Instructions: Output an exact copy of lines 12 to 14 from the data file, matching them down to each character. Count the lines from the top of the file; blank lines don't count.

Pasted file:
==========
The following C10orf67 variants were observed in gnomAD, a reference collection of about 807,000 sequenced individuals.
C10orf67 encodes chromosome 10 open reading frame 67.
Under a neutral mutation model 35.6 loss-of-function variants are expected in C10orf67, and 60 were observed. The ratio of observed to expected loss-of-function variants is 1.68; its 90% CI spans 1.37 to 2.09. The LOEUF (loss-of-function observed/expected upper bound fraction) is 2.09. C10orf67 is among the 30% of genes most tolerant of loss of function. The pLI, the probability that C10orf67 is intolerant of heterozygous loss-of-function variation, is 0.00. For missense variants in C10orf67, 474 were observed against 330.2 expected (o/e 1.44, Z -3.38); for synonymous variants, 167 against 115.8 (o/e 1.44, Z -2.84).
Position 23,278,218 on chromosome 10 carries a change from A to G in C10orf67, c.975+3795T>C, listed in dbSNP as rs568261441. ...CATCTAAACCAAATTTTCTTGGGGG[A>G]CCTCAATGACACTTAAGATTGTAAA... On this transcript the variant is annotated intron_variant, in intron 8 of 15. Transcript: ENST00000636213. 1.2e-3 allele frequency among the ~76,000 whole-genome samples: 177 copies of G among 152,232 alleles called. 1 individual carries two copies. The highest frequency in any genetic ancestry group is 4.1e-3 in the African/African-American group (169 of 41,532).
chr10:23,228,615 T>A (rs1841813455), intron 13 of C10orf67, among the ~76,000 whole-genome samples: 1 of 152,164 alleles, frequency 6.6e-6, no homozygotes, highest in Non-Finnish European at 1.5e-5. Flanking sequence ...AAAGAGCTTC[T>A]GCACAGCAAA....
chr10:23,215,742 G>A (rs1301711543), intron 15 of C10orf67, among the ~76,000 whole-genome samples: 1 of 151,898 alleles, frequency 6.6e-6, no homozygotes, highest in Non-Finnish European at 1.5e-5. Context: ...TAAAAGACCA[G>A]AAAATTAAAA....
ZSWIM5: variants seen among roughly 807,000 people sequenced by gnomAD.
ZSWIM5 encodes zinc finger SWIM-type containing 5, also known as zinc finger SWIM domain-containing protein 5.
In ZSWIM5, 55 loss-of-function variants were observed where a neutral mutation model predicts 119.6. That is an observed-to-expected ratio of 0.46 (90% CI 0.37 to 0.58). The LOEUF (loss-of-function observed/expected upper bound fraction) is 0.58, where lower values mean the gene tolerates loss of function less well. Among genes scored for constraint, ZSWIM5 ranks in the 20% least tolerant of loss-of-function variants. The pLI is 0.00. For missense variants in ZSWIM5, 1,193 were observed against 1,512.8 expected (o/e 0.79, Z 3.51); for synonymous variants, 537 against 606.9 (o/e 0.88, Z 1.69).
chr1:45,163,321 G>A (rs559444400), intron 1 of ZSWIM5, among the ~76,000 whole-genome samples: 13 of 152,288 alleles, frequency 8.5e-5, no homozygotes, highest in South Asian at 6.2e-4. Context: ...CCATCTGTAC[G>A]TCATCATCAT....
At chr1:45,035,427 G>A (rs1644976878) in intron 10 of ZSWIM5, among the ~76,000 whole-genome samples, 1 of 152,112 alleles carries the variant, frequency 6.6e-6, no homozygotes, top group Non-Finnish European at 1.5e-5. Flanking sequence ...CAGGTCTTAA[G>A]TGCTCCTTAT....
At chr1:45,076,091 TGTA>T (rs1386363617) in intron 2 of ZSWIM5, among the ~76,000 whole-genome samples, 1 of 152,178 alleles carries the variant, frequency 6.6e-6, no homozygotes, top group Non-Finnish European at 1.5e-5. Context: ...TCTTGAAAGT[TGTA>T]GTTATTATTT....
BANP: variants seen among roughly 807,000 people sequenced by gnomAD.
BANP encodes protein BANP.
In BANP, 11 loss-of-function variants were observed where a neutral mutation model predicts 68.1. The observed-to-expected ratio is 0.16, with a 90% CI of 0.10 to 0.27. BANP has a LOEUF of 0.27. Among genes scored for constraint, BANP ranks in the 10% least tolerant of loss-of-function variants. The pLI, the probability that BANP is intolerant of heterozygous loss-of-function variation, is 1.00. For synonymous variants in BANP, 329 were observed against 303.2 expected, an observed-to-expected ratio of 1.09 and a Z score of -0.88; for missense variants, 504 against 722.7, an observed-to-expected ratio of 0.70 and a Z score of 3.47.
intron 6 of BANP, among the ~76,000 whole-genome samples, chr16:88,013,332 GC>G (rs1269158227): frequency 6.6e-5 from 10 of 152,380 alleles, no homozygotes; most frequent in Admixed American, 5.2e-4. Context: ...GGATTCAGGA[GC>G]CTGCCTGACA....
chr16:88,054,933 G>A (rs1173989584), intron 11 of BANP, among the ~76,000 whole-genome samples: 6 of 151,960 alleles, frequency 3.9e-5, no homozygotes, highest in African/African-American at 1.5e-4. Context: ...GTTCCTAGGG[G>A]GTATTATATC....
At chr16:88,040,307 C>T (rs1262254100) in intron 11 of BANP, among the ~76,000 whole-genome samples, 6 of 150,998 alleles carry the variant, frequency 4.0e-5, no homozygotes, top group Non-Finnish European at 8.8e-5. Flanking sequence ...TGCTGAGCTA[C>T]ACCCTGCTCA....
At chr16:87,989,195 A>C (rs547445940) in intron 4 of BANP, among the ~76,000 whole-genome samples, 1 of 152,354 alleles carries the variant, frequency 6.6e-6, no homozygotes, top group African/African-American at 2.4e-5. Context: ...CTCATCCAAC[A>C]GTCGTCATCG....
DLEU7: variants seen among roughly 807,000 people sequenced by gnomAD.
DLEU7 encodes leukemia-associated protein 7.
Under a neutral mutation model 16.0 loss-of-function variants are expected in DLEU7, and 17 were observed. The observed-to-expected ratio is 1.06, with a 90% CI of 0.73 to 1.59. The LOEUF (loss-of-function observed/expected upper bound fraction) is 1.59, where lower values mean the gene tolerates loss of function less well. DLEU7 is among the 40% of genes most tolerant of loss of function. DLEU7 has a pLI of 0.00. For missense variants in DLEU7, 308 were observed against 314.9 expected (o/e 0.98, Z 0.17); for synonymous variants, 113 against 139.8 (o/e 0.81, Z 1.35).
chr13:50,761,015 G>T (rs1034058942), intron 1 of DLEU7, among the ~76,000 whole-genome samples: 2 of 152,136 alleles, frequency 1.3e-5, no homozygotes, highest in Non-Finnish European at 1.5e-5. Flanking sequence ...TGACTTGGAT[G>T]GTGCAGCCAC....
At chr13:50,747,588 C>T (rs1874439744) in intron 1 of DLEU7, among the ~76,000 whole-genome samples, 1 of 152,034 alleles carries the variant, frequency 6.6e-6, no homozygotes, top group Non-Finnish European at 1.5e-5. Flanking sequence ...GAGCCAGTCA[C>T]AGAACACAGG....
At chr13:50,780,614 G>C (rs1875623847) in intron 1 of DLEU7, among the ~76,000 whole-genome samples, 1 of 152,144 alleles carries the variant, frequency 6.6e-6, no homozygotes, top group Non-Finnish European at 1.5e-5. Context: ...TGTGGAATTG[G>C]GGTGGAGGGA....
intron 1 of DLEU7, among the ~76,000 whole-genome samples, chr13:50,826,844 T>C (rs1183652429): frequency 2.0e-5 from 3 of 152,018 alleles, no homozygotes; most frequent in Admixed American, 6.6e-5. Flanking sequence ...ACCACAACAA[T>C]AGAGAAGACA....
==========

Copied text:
At chr1:45,076,091 TGTA>T (rs1386363617) in intron 2 of ZSWIM5, among the ~76,000 whole-genome samples, 1 of 152,178 alleles carries the variant, frequency 6.6e-6, no homozygotes, top group Non-Finnish European at 1.5e-5. Context: ...TCTTGAAAGT[TGTA>T]GTTATTATTT....
BANP: variants seen among roughly 807,000 people sequenced by gnomAD.
BANP encodes protein BANP.